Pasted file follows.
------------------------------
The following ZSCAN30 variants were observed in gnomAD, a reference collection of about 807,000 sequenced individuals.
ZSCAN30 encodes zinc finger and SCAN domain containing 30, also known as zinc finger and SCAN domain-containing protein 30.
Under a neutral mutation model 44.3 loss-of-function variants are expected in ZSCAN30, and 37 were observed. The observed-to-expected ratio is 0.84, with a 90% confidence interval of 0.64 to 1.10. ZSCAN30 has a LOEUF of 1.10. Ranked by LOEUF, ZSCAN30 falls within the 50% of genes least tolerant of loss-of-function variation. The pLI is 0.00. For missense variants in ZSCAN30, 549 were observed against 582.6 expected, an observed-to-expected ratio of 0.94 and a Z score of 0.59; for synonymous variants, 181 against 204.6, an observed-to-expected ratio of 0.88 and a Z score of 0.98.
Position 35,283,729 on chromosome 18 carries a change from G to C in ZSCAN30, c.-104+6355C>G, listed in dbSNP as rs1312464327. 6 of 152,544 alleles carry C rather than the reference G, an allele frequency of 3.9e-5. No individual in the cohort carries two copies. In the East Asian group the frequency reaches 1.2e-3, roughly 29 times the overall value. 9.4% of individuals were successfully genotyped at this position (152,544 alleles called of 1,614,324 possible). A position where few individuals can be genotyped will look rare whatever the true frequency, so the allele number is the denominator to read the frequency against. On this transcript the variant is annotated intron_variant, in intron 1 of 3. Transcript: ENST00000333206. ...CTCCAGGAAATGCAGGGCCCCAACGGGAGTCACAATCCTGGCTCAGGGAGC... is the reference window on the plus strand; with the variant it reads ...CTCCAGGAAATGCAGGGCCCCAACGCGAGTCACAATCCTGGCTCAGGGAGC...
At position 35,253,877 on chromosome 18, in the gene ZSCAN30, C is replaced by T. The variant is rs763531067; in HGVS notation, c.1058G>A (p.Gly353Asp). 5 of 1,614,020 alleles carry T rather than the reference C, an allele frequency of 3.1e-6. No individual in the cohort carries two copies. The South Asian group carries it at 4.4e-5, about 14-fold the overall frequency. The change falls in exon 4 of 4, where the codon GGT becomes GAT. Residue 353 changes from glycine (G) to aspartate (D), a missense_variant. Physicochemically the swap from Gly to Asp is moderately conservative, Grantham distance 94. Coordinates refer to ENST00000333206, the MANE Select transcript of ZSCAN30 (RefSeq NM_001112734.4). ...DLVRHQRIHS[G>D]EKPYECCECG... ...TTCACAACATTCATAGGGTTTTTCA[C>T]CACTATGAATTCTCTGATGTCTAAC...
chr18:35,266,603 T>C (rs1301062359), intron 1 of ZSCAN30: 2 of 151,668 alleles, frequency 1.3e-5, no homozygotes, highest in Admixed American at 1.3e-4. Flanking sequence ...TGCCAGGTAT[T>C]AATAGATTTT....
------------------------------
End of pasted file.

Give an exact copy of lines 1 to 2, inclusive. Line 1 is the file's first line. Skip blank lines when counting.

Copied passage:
The following ZSCAN30 variants were observed in gnomAD, a reference collection of about 807,000 sequenced individuals.
ZSCAN30 encodes zinc finger and SCAN domain containing 30, also known as zinc finger and SCAN domain-containing protein 30.